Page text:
Last week saw the kick-off of California’s Unbound festival, a series of events from the San Francisco Ballet company that features 12 premieres from 12 contemporary choreographers. Notably, the event featured the world’s first Björk ballet, an ode to the Icelandic artist by Arthur Pita, a South African-born Portuguese choreographer who has been described as “the David Lynch of dance”.
Pita’s half-hour ballet, which is literally called “Björk Ballet” (why they didn’t call it “Hyperballet” is beyond us), saw dancers perform to eight compositions from Björk’s discography, including the overture from “Dancer in the Dark”, classics like “All is Full of Love”, “Hyperballad”, and “The Anchor Song”, and more recent single “The Gate”.
The ballet’s narrative involves a fisherman whose dreams are visualised on a stage of tall silver grass. “The scenarios include a group of lovers, locked in an underwater embrace; a sexy goddess carried on a bier; and a classical rave,” writes Judith Mackrell for The Guardian.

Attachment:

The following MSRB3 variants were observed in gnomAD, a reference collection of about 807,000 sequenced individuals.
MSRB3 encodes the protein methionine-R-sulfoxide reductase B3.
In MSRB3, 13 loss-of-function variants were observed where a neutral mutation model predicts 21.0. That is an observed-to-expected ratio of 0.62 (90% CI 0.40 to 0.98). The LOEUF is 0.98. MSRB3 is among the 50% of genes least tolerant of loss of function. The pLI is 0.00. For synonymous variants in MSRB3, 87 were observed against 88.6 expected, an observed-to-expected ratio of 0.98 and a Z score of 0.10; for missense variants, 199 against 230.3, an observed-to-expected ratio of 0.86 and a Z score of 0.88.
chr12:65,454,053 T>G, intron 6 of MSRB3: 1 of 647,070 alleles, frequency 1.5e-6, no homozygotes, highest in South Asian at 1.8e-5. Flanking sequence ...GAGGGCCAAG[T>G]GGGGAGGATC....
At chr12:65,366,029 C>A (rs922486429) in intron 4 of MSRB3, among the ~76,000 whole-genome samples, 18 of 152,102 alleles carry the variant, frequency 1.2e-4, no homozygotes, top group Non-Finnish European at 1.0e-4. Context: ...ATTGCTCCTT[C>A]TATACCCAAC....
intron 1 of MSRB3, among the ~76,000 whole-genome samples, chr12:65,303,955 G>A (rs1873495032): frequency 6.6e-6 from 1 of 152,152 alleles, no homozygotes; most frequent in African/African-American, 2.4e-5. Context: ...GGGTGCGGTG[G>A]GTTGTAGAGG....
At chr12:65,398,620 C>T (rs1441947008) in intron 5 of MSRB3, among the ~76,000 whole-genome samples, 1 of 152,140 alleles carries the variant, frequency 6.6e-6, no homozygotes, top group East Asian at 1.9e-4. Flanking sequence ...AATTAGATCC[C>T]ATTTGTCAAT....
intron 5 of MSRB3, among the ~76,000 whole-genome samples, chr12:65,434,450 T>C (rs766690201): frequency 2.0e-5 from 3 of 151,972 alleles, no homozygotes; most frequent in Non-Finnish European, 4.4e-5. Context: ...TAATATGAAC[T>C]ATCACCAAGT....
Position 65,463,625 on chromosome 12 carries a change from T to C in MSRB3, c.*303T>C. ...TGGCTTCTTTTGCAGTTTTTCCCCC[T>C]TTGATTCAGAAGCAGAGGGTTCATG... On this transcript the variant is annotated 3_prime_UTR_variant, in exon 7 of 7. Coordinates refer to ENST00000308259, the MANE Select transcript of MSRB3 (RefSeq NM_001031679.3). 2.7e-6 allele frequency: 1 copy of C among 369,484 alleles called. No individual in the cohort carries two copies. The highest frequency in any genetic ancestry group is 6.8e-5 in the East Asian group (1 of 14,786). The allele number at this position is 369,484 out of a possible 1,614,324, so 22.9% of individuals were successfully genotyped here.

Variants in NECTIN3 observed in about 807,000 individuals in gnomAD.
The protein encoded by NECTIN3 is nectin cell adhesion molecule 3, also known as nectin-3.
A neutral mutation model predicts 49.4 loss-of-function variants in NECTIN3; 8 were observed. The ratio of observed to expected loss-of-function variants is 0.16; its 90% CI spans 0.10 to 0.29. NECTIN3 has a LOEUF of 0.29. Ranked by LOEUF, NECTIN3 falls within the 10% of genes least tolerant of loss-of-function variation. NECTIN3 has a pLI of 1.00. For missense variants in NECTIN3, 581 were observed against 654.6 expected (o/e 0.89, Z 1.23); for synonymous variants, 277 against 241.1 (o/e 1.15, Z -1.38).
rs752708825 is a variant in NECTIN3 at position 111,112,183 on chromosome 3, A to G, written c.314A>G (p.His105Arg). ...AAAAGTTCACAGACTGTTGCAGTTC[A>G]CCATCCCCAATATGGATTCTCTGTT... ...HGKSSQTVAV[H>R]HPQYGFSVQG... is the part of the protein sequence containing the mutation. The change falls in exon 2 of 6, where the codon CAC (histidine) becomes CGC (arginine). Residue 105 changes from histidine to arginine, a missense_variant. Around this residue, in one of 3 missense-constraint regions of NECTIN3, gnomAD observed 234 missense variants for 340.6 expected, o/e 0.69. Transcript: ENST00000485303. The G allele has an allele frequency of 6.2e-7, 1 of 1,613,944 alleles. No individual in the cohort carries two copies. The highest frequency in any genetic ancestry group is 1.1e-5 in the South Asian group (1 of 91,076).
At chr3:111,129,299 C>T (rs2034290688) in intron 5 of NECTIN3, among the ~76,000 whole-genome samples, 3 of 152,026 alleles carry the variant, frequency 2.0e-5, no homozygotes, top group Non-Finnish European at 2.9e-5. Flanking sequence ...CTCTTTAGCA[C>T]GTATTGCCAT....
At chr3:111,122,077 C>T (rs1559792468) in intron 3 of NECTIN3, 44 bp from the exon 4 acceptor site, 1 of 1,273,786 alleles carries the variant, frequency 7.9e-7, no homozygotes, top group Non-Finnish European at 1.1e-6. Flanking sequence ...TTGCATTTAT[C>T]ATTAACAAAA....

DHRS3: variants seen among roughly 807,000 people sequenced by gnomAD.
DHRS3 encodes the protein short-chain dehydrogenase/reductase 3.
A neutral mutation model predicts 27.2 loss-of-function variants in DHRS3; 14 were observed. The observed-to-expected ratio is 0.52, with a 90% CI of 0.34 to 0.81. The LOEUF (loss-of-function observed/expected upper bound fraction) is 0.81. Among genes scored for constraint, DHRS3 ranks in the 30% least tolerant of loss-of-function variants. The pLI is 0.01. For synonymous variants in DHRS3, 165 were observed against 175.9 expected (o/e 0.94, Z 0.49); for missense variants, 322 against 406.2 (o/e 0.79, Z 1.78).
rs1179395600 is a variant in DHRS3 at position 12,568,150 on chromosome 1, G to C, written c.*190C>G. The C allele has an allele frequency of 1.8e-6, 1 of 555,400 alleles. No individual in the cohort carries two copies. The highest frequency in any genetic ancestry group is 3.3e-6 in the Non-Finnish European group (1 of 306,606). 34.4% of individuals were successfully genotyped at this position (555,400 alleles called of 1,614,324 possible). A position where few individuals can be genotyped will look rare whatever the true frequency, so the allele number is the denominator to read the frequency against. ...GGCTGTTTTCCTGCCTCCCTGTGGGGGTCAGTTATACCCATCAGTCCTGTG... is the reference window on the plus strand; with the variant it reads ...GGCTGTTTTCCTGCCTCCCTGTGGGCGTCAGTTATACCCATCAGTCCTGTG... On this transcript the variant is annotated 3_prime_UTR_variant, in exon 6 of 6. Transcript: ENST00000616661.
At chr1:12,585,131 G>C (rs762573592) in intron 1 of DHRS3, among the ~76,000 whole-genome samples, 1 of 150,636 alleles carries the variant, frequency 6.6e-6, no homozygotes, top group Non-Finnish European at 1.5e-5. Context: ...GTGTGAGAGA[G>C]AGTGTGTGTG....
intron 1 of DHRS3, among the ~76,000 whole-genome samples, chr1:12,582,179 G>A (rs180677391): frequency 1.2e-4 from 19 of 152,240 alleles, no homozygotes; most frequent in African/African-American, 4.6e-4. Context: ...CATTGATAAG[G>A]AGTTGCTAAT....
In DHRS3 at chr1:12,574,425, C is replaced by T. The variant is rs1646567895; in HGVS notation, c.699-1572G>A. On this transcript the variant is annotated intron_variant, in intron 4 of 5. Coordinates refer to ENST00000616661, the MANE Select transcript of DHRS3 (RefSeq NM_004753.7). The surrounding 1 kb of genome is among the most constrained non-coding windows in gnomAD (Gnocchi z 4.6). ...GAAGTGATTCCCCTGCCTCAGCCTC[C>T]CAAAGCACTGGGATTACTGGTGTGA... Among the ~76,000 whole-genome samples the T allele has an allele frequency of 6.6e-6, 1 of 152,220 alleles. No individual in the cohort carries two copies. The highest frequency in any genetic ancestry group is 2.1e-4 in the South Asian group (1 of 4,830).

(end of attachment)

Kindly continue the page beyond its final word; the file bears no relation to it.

It’s the first time that Björk has allowed her music to be used for a project like this. “We’ve been saying our concept for the ballet’s design has been Planet Björk,” Pita told the San Francisco Chronicle. “The dancers are like gods living on this Björk planet. It’s a celebration of life, death, sex, romance, love, heartbreak. It’s all that stuff Björk encompasses in her world.”
Reviewing the ballet for the San Francisco Chronicle, Allan Ulrich writes: “Pita boasts a genuine flair for knowing excess and a command of dance theater. The movement here often captures the combination of sweetness and sophistication that goes to the heart of this composer.”
The Björk Ballet was not the only part of Unbound that featured work by a modern musician – the programme also included a show called Hurry Up We’re Dreaming, set to a sequence of tracks by M83.